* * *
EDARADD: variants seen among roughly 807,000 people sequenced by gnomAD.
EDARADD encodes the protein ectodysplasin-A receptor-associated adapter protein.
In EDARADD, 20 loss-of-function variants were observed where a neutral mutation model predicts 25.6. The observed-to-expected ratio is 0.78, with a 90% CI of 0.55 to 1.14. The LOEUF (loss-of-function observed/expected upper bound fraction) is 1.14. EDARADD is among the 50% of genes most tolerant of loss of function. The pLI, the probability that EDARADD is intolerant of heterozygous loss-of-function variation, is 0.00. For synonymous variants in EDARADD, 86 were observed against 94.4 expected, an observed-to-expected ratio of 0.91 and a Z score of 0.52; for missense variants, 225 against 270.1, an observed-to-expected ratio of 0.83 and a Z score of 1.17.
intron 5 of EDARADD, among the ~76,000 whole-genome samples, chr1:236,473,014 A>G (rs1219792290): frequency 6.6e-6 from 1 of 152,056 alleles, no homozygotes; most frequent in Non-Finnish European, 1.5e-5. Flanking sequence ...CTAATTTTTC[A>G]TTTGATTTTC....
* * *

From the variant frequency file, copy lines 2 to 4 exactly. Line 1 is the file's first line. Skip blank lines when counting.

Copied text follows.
EDARADD encodes the protein ectodysplasin-A receptor-associated adapter protein.
In EDARADD, 20 loss-of-function variants were observed where a neutral mutation model predicts 25.6. The observed-to-expected ratio is 0.78, with a 90% CI of 0.55 to 1.14. The LOEUF (loss-of-function observed/expected upper bound fraction) is 1.14. EDARADD is among the 50% of genes most tolerant of loss of function. The pLI, the probability that EDARADD is intolerant of heterozygous loss-of-function variation, is 0.00. For synonymous variants in EDARADD, 86 were observed against 94.4 expected, an observed-to-expected ratio of 0.91 and a Z score of 0.52; for missense variants, 225 against 270.1, an observed-to-expected ratio of 0.83 and a Z score of 1.17.
intron 5 of EDARADD, among the ~76,000 whole-genome samples, chr1:236,473,014 A>G (rs1219792290): frequency 6.6e-6 from 1 of 152,056 alleles, no homozygotes; most frequent in Non-Finnish European, 1.5e-5. Flanking sequence ...CTAATTTTTC[A>G]TTTGATTTTC....